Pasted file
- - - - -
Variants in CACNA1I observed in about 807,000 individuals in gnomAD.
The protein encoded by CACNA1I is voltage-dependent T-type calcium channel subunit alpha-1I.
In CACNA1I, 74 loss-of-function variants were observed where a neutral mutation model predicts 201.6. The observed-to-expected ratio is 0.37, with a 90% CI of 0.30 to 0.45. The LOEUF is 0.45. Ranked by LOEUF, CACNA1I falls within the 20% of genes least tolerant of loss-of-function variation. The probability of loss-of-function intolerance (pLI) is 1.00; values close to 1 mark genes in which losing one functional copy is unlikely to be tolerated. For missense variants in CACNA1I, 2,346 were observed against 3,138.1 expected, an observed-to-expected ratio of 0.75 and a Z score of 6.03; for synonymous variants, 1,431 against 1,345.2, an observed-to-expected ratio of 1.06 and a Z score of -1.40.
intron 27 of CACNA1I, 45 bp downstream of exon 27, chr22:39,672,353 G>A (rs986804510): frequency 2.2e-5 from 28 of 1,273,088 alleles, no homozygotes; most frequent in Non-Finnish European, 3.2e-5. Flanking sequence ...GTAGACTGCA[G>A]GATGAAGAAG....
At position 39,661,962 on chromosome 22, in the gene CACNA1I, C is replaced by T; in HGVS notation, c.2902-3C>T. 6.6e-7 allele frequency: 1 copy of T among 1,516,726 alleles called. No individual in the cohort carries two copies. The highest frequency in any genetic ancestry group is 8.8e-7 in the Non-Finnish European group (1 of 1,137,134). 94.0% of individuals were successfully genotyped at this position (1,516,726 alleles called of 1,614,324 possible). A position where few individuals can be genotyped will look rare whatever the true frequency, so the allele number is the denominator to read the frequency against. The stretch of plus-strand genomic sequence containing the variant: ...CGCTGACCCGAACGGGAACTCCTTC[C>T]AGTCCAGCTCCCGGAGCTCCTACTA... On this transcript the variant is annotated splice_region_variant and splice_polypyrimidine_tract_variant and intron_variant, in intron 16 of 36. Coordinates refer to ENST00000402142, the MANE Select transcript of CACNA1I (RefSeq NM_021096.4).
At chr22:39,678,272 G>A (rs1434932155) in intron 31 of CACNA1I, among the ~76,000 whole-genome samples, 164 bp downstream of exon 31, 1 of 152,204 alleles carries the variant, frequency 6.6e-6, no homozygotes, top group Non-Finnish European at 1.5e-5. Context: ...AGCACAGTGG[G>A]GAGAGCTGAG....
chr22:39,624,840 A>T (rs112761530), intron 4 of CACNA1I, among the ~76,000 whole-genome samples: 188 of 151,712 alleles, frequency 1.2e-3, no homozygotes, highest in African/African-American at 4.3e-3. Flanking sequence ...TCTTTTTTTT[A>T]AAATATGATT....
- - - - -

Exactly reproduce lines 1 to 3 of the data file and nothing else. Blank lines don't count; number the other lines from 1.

Variants in CACNA1I observed in about 807,000 individuals in gnomAD.
The protein encoded by CACNA1I is voltage-dependent T-type calcium channel subunit alpha-1I.
In CACNA1I, 74 loss-of-function variants were observed where a neutral mutation model predicts 201.6. The observed-to-expected ratio is 0.37, with a 90% CI of 0.30 to 0.45. The LOEUF is 0.45. Ranked by LOEUF, CACNA1I falls within the 20% of genes least tolerant of loss-of-function variation. The probability of loss-of-function intolerance (pLI) is 1.00; values close to 1 mark genes in which losing one functional copy is unlikely to be tolerated. For missense variants in CACNA1I, 2,346 were observed against 3,138.1 expected, an observed-to-expected ratio of 0.75 and a Z score of 6.03; for synonymous variants, 1,431 against 1,345.2, an observed-to-expected ratio of 1.06 and a Z score of -1.40.